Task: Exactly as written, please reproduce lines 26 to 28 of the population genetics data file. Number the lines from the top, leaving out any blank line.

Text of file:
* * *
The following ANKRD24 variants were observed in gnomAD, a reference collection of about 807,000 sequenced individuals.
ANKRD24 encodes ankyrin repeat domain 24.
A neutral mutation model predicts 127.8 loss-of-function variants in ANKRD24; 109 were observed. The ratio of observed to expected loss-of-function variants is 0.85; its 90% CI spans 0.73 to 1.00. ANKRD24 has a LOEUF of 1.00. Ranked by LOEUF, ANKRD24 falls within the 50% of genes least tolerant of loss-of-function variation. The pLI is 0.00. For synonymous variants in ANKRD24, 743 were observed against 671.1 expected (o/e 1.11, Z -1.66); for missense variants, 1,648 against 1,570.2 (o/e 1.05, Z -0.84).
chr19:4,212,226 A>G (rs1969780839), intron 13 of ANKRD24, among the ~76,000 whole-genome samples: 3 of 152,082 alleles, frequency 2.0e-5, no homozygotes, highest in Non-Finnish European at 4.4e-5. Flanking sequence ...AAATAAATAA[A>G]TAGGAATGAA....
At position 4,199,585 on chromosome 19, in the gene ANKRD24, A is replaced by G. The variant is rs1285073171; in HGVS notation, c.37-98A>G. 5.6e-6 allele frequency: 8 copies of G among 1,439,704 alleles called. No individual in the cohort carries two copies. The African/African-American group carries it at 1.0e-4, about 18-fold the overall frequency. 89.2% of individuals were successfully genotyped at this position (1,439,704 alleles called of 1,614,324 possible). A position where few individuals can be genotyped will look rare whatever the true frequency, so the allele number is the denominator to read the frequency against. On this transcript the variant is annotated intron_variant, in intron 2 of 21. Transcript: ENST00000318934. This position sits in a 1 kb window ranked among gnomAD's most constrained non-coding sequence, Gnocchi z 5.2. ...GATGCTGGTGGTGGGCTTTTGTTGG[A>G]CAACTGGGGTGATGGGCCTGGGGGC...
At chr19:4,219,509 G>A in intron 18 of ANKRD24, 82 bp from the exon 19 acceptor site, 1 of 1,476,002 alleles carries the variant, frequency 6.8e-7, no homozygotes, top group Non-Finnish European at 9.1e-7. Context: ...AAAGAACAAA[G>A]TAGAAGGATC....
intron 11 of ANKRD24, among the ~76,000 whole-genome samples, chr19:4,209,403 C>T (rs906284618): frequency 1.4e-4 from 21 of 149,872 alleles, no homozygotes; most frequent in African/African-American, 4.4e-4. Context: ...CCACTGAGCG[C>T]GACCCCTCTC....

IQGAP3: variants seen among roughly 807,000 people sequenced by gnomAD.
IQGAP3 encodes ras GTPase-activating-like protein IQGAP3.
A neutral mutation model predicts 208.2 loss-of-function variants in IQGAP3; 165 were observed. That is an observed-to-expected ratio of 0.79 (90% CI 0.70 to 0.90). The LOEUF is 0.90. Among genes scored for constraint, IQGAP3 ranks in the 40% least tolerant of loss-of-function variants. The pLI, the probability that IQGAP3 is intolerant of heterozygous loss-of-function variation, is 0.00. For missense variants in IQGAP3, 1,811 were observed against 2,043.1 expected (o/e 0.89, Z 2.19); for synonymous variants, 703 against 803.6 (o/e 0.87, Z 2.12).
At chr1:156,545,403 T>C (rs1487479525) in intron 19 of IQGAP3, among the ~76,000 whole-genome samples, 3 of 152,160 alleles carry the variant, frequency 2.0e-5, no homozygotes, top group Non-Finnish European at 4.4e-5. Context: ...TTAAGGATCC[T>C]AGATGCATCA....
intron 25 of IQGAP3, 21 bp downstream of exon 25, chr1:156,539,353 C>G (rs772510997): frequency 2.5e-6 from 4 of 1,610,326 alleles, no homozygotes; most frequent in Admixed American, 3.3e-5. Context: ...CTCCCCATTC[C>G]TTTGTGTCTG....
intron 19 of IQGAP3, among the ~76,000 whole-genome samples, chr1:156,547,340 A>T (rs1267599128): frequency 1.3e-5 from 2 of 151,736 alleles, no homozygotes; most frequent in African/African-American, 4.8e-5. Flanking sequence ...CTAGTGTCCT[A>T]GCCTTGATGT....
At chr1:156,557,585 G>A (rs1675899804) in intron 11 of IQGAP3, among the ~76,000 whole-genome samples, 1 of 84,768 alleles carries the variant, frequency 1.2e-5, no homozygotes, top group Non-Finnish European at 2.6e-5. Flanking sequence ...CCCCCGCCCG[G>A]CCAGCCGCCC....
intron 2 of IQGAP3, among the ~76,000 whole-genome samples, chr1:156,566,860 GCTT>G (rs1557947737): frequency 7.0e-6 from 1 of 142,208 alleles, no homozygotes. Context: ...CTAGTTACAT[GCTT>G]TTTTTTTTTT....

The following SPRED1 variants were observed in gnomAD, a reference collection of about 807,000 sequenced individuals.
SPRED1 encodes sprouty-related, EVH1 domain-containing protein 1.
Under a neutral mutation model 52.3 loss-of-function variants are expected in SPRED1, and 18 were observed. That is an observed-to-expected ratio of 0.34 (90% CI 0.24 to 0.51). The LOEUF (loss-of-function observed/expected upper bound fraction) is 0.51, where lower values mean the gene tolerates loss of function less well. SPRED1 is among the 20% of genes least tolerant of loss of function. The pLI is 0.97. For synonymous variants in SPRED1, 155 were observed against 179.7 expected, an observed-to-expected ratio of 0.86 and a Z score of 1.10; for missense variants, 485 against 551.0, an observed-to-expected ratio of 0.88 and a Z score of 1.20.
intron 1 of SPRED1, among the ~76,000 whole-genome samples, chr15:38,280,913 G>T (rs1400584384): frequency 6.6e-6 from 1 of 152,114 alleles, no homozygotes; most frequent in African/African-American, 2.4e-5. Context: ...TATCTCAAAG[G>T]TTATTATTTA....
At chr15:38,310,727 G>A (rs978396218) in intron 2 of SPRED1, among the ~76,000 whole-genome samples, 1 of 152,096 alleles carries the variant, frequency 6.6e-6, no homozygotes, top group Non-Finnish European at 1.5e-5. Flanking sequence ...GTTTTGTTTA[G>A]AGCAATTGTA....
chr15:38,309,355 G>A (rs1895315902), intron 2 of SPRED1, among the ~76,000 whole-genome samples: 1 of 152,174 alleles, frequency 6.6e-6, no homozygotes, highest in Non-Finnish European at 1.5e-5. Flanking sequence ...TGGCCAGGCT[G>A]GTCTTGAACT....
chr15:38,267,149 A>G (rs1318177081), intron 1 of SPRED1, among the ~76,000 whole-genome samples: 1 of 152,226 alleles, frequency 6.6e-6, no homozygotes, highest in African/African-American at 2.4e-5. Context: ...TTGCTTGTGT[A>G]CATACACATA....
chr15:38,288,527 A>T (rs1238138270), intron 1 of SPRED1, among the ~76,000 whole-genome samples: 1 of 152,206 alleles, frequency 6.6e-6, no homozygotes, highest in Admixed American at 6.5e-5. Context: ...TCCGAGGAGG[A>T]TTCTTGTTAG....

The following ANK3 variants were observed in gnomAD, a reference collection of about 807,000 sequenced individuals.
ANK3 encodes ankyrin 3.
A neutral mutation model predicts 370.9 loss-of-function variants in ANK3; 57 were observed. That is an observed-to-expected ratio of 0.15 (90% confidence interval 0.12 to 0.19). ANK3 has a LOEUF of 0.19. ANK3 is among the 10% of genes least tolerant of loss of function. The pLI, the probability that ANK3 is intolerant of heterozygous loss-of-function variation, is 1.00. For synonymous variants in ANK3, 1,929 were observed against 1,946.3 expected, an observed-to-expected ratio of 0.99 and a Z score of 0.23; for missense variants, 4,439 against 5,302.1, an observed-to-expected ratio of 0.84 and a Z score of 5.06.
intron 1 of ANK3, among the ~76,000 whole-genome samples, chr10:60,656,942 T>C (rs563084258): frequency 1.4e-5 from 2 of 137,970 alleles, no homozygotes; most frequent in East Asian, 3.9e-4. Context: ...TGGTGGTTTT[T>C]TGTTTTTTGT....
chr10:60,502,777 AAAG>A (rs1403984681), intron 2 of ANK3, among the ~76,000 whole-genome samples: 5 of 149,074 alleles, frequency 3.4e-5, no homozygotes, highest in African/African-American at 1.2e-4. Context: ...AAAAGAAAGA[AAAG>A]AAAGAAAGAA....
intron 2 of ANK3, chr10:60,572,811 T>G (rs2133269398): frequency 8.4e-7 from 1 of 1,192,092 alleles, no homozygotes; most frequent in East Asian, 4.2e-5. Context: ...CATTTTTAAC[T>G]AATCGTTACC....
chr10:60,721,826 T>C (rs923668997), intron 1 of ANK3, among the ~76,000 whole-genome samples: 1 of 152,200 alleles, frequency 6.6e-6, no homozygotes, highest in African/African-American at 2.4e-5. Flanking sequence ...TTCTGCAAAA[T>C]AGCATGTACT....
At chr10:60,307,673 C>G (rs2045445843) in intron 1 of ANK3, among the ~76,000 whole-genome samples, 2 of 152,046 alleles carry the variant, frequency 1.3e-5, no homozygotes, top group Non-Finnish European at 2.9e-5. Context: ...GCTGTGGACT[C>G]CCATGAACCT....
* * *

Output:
A neutral mutation model predicts 370.9 loss-of-function variants in ANK3; 57 were observed. That is an observed-to-expected ratio of 0.15 (90% confidence interval 0.12 to 0.19). ANK3 has a LOEUF of 0.19. ANK3 is among the 10% of genes least tolerant of loss of function. The pLI, the probability that ANK3 is intolerant of heterozygous loss-of-function variation, is 1.00. For synonymous variants in ANK3, 1,929 were observed against 1,946.3 expected, an observed-to-expected ratio of 0.99 and a Z score of 0.23; for missense variants, 4,439 against 5,302.1, an observed-to-expected ratio of 0.84 and a Z score of 5.06.
intron 1 of ANK3, among the ~76,000 whole-genome samples, chr10:60,656,942 T>C (rs563084258): frequency 1.4e-5 from 2 of 137,970 alleles, no homozygotes; most frequent in East Asian, 3.9e-4. Context: ...TGGTGGTTTT[T>C]TGTTTTTTGT....
chr10:60,502,777 AAAG>A (rs1403984681), intron 2 of ANK3, among the ~76,000 whole-genome samples: 5 of 149,074 alleles, frequency 3.4e-5, no homozygotes, highest in African/African-American at 1.2e-4. Context: ...AAAAGAAAGA[AAAG>A]AAAGAAAGAA....